In college, you told the professors what you knew they wanted to hear. Stupid games for stupid prizes, but how stupid could they be if you couldn’t be hired without the grades, the recommendations, the credentials? At every unpaid internship you took before finally getting the big kid job, you were on your best behavior, too. You attended the corporate “diversity” events. You let the rainbow stickers the office activists pasted to your cubicle in June stay up all year. You needed to blend in with nice, normal people. You thought your cool ambivalence played as professionalism. By the time the job finally came, you’d grown accustomed to your own silence. You’d come so far.
Back then, you needed the nice, normal people to respect you, and the crazy ideologues to leave you alone. You imagined the squeaky wheel got the oil, and most people probably secretly found it as annoying as you did, but went along to get along, too. The noisy radicals in HR reminded you of that unpredictable, antisocial child on your little league team whose parents paid for the uniforms. They were to be tolerated, even as a source of ridicule behind the scenes. And you were a team player. If it ever became too much, someone would hit the brakes.
Something has changed. Everyone’s email signature includes pronouns. Everyone’s LinkedIn is an homage to George Floyd. Silence is violence, said Catelynn, and the rest of the nice normies have risen up in chorus: mea culpa.
We’re Not in Clown World Anymore
This isn’t Clown World anymore. No one is laughing. No longer simply tolerated or patted on the head for his pretty lies, the child-tyrant is now an object of unceasing worship by nice normies. They kiss his boots. You were wrong for so long: normie obsequience had no real limit. Concession was bound neither by time nor reason. Concession was not tactical, strategic, or prudent. It was an artifact of the hollowing out of the mind—and soul! It strikes you that, when the child calls for your head, nice normies will deliver, smiling, and call it a “breakthrough.”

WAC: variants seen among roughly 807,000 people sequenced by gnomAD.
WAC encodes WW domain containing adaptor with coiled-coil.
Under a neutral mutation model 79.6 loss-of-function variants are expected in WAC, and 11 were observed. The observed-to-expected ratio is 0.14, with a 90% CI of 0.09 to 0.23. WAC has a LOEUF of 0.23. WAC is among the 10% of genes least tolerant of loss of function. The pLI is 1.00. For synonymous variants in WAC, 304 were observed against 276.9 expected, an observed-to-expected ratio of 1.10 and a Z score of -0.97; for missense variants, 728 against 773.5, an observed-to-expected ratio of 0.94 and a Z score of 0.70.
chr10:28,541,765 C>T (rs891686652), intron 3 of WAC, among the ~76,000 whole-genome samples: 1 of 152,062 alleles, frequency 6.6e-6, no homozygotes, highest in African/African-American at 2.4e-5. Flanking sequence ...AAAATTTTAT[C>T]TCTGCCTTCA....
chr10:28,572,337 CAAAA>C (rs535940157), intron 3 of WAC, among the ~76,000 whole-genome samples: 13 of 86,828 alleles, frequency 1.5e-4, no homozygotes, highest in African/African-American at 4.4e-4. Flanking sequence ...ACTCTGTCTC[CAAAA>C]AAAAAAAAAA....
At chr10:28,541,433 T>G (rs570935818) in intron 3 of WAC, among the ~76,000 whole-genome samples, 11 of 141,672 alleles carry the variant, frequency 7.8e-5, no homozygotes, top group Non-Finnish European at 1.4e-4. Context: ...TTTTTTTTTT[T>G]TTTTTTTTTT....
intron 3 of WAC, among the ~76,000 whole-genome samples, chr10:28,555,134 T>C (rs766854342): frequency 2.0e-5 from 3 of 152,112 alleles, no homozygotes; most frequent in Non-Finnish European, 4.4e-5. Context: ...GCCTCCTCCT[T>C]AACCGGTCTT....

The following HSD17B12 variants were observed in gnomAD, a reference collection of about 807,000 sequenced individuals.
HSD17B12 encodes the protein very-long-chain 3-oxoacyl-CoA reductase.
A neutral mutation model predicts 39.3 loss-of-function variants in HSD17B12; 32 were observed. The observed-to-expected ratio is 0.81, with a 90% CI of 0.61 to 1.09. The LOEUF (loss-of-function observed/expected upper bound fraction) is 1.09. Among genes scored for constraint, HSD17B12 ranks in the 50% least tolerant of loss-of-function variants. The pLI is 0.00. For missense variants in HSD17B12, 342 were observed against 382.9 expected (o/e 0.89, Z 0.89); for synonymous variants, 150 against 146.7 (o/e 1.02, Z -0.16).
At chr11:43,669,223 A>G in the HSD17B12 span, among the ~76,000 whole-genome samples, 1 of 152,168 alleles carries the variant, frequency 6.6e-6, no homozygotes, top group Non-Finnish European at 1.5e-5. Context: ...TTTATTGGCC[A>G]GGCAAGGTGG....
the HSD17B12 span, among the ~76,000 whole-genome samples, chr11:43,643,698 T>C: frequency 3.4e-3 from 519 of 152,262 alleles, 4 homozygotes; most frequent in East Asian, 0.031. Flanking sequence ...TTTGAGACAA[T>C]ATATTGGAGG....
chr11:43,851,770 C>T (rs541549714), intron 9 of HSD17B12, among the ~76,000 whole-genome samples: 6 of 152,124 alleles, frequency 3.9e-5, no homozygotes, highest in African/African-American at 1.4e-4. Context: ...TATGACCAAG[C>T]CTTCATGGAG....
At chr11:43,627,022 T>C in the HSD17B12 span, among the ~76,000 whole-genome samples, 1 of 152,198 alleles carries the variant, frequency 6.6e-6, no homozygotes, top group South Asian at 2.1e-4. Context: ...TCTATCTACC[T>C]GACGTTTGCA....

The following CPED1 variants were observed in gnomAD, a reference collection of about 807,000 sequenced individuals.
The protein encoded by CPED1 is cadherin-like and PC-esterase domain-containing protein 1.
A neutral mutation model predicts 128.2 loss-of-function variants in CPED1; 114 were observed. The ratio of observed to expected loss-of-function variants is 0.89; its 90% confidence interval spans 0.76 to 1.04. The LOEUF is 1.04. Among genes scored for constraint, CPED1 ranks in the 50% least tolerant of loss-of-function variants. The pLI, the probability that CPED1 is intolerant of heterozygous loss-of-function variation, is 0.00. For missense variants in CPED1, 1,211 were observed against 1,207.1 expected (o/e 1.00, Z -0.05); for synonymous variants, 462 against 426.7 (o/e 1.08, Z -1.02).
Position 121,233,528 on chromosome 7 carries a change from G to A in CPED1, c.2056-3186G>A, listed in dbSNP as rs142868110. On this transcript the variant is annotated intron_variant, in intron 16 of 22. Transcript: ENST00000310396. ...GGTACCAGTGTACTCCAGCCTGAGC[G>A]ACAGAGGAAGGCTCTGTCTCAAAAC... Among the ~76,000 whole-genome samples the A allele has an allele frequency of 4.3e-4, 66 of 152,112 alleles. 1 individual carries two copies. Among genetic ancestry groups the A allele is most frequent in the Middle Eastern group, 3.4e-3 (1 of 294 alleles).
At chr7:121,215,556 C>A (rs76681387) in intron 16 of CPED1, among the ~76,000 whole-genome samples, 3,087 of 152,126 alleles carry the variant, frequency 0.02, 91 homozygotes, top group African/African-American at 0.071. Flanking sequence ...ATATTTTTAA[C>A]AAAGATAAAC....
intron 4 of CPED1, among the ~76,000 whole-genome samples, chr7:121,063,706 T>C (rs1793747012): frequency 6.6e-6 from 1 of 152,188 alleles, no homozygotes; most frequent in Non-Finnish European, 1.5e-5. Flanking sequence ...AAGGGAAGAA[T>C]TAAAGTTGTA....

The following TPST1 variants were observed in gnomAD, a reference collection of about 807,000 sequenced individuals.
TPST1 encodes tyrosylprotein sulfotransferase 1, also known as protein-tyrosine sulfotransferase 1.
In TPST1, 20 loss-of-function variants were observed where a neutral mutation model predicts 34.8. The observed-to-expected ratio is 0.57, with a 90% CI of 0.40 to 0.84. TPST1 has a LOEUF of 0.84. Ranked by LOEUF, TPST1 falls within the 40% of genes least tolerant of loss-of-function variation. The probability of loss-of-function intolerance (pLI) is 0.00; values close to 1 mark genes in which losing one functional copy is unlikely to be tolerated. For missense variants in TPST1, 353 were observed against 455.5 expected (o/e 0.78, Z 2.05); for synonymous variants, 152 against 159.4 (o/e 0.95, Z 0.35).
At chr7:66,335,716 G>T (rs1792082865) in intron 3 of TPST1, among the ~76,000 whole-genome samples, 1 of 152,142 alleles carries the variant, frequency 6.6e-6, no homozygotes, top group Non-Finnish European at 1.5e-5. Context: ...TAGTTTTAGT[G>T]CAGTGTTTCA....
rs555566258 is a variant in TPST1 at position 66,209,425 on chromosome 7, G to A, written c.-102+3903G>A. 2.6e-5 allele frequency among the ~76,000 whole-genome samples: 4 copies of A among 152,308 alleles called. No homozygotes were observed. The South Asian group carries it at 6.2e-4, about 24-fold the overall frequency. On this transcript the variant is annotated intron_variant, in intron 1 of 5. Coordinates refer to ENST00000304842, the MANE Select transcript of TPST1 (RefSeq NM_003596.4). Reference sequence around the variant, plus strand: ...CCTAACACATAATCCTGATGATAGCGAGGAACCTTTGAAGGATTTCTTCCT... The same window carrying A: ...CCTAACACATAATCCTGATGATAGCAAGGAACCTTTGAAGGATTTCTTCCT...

The enemy has raised an army of your friends. You see it now, finally: nice normies are not centrists. They’re clones. They wear the uniform. They parrot every shibboleth. They have forgotten your name, and they have forgotten their own.
You search fruitlessly for some sign of life within the totalitarian sameness of the normie bloc. Some spark in the eye, some twitch of the cheek. But their thousand-yard stares are fixed on promotion. March along, comrade. Choose to obey.
Hell is mundane and mendacious. Follow the rules and achieve absolution. Say their words and save yourself. Mea culpa, mea culpa, mea culpa. Don’t cancel me.
How did two weeks turn into six months? How did friends become enemies? Are you struggling to breathe again? Whose hands do you find wrapped around your neck? Who will deliver you?
Your iPhone notifies you that your Doordash delivery has been carefully placed by your apartment’s entrance. This way, Western man. At least hell has take-out.
The American Mind presents a range of perspectives. Views are writers’ own and do not necessarily represent those of The Claremont Institute.